[Viewpoint] Rule of law vs. rule of peopleDoes a record of remarkable success precipitate disaster? As Korean conglomerates post record performances in their various areas of business, however, their ethics are coming under fire. Lurching toward a working-class friendly set of policies, the Lee Myung-bak administration joined the fray by giving a stern warning to conglomerates about their allegedly inappropriate business practices.
The government said conglomerates treat smaller companies unfairly, while making scant efforts to reinvest their profits and create jobs. The big companies, of course, said these criticisms were unfair.
At the start of its term, the Lee administration professed unusually deep affection for the conglomerates because the country depended on their success to produce a trickle-down effect for the rest of the economy. That expectation soon turned to disappointment.
According to records of the Korea Federation of Small and Medium Business, smaller companies’ raw material costs have skyrocketed, but the prices they receive for their products - mostly from tough customer conglomerates - are nearly stagnant, offering a glimpse of the big squeeze going on between big and small companies.
The unfair business practices of conglomerates have long existed. It is a perennial problem for the Korean economy, where industrialization was achieved thanks to the central role of conglomerates. Because most conglomerates are constantly trying to streamline their production processes, they pressure small companies to cut costs as much as they can.
In such an industrial structure, investments are only aimed at raising productivity, and executives in charge of purchasing are only focused on lowering suppliers’ prices.
Furthermore, as the component supply network has become more globalized, Korean component makers are coming under greater competitive pressure. Conglomerates are also increasingly transforming their businesses into “platform companies” that concentrate on developing their brands rather than producing the products themselves. Manufacturing is outsourced, further reducing the negotiating power of small suppliers. The more you rely on a totally free market, the bigger the gap between conglomerates and small companies.
Taking into account such an industrial structure, sharing prosperity between conglomerates and small companies is not easily achieved unless conglomerates have unusually high ethical standards. Although belated, it is fortunate that the government is finally paying attention to small companies.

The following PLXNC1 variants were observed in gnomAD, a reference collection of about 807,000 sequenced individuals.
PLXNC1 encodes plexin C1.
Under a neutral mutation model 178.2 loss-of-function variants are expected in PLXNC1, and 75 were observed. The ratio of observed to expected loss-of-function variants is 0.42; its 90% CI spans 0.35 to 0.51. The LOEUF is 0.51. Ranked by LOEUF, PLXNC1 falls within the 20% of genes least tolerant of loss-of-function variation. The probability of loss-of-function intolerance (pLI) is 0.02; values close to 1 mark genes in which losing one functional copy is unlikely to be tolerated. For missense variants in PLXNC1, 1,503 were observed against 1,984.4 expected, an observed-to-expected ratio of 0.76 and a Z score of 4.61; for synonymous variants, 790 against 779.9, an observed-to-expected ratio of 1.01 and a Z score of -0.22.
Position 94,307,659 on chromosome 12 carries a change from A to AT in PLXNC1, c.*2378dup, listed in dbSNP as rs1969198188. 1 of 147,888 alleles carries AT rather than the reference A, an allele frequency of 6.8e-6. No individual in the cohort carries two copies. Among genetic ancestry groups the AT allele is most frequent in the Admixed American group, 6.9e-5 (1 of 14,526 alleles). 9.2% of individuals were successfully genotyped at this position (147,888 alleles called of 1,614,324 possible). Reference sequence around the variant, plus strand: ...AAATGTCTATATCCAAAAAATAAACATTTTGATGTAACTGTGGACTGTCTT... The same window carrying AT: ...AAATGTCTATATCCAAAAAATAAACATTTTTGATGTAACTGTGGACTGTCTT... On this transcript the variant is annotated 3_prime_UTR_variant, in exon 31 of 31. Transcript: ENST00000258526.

And yet, the government must tread carefully on this issue, because it is a deeply ingrained part of Korean business culture, and resolving it won’t be simple. A hasty government intervention can distort the market rather than solve the problem.
A government can rely on either the rule of law or the rule of its people. While the rule of people relies on subjective judgments of human beings in power, the rule of law is based on a society’s objective values. That’s why the rule of people has the advantage of flexibility, whereas the rule of law is consistent and predictable.
The problem with the rule of people, however, is that it is arbitrary and temporary. When the rule of people is prolonged, everyone tries to please the president, and when the president turns his attention away from a particular issue, so do the people, and no one will work on the problem anymore. That’s why we have to be cautious when relying on the rule of people.
A good government needs both the rule of people and the rule of law. No democratic government can function without the rule of people, but respecting the limits of the rule of people is key. Pointing out unfair business practices of conglomerates at the appropriate time and making public servants pay attention to the problem is the correct way to lead. But fanning anti-conglomerate populist sentiment in society is not.
Unveiling unfair practices and making the Fair Trade Commission function as a watchdog are within the scope of the rule of people, but interfering in legitimate negotiations in a functioning market is beyond the limits of the rule of people.
Warning the conglomerates that the time has come for them to respect fair trade is the right path for the rule of people, but making them feel victimized is wrong.
Unfair business practices by conglomerates are a fundamental threat to a market economy, the resolution of which is necessary to ensure the growth of small companies. Adam Smith wrote “The Theory of Moral Sentiments” before he wrote “An Inquiry into the Nature and Causes of the Wealth of Nations.” In the first book, he wrote that fairness in trade cannot be achieved without prudence from those involved, swift and strict justice upholding the law, and benevolence.
An economy without order and proper benevolence cannot prosper. Furthermore, the global economy is currently a place of brutal competition. For an economic ecosystem to be truly competitive, coexistence is necessary. But without fairness, there can be no coexistence.
To this end, the current debate over the conglomerates’ business practices must continue until it is resolved. The government should have the wisdom to be guided by the rule of people. That will make the rule of people the rule of virtue.
*Translation by the JoongAng Daily staff.
The writer is a professor of management science at Korea Advanced Institute of Science and Technology.
By Lee Hong-kyu